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This week, Ned Davis Research published a note titled “turns out, growth looks like it was transitory – inflation is more sticky”.
There are many factors that show us that consumers and salaries are being eaten away by inflation, leading to an abrupt halt in the recovery. Autos and new home sales plunged, real disposable personal income has plummeted, and real median wage growth is lower than inflation.
Policymakers have pushed inflation at any cost with the most aggressive monetary policy in decades and it took a normal recovery after the re-opening to prove why inflation is always a monetary phenomenon: In 2020 G7 central banks increased money supply well above demand and faster than ever since 2009. This led to massive inflation spikes in essential goods and services. The rhetoric of “transitory” inflation and “supply chain disruptions” has been rapidly debunked. We have seen three CPI (consumer price index) prints after the so-called base effect ended and prices continued to rise. Furthermore, the price of commodities where there is overcapacity has risen as fast as others. Inflation is always more money chasing scarce assets and that is the reason why we see shipping or aluminium rise to all-time highs when there is ample capacity in the segment, even excessive capacity.
Monetary history shows that policymakers always resort to the same excuses when it comes to printing money and monetary mismanagement: First, say there is no inflation, second, say it is transitory, third, blame businesses, fourth, blame consumers for overspending, and finally present themselves as the “solution” with price controls, which ultimately devastates the economy.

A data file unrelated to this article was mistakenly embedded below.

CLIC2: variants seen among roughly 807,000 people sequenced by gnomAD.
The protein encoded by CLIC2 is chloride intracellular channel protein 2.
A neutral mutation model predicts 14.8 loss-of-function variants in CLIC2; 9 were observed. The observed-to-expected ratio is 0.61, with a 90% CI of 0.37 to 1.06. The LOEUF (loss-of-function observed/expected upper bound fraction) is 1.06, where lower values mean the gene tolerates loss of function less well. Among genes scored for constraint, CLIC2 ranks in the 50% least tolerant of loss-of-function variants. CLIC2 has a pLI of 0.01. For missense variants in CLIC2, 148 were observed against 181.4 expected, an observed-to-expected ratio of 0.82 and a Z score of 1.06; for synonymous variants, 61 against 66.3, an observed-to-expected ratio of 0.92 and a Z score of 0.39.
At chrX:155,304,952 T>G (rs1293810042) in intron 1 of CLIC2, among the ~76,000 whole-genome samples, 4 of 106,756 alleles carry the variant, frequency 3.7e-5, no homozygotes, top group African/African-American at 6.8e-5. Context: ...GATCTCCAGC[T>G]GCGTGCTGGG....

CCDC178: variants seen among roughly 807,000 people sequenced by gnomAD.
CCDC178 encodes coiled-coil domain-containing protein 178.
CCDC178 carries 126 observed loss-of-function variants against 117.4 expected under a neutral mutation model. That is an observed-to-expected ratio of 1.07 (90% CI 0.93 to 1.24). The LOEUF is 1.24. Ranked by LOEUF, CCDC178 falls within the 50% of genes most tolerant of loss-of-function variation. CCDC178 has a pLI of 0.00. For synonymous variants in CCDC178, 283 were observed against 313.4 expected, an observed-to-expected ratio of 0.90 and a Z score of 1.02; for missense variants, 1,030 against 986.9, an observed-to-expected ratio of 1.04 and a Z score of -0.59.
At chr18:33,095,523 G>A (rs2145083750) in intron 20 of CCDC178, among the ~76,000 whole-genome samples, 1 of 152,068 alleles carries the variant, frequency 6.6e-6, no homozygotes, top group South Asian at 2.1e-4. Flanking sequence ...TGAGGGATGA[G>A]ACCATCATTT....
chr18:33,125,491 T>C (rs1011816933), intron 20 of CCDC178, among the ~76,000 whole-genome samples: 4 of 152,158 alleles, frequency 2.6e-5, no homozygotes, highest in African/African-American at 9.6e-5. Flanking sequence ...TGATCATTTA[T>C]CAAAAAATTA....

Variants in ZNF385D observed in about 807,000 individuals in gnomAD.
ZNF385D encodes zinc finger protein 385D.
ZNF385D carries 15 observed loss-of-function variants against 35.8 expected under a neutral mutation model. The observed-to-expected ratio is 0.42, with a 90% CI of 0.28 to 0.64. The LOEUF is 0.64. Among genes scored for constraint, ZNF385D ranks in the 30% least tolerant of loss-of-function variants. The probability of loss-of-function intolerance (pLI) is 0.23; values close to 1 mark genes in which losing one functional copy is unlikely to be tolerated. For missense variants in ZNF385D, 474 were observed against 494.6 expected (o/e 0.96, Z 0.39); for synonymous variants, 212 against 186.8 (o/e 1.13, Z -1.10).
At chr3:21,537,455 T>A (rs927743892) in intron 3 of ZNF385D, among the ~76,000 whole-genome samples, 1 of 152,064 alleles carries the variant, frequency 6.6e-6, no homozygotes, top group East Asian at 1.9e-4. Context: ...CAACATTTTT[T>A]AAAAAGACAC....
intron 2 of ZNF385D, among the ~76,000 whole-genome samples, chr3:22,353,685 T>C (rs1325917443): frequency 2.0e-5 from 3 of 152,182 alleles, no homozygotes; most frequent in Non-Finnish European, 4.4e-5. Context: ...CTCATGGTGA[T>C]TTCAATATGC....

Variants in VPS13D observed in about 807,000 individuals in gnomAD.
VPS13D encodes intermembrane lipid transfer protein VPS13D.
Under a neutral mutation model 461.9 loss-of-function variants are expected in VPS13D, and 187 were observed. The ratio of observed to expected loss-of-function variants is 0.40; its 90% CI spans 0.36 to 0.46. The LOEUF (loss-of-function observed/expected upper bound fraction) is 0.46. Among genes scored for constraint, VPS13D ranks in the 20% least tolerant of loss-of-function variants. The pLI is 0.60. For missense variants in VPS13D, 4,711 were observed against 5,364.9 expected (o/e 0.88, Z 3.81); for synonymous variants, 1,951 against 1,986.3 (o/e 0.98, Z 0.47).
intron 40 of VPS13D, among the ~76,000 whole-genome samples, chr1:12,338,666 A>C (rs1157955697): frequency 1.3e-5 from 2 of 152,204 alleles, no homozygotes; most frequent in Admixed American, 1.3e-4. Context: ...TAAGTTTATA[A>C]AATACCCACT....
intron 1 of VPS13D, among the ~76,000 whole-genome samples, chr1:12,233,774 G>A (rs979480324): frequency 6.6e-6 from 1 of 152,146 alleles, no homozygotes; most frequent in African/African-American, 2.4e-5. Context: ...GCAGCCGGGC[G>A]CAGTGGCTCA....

In the United States median wage growth has been more than offset by inflation, and in the eurozone wage growth plummeted in July. In fact, the risk in the eurozone is higher as average hourly wages fell in year-on-year terms in the second quarter.
Consumers see the prices of the goods and services they buy every day rise significantly faster than the official CPI shows and this, in turn, derails the economic recovery that was supposed to come from a less-than-likely consumption boom and services boost to above-trend growth in 2021. None of those Keynesian miracles happened.
As policymakers continue to implement massive financial repression measures, the problem is likely to get worse into winter. No government or central bank seems willing to reduce the speed of fiscal or monetary imbalances because they benefit from rising inflation. Does anyone believe there will be strong policies to reduce inflation from the same central banks that have pushed trillions into the economy to attract inflation and the same governments that would benefit from inflation to dissolve a bit of their rising debt?
We are now in the step where governments blame businesses. Biden blamed rising gas prices on “profiteering” and one of his main economic advisors at the National Economic Council Brian Deese said pork, chicken and beef prices rose faster than normal because four companies controlled the supply.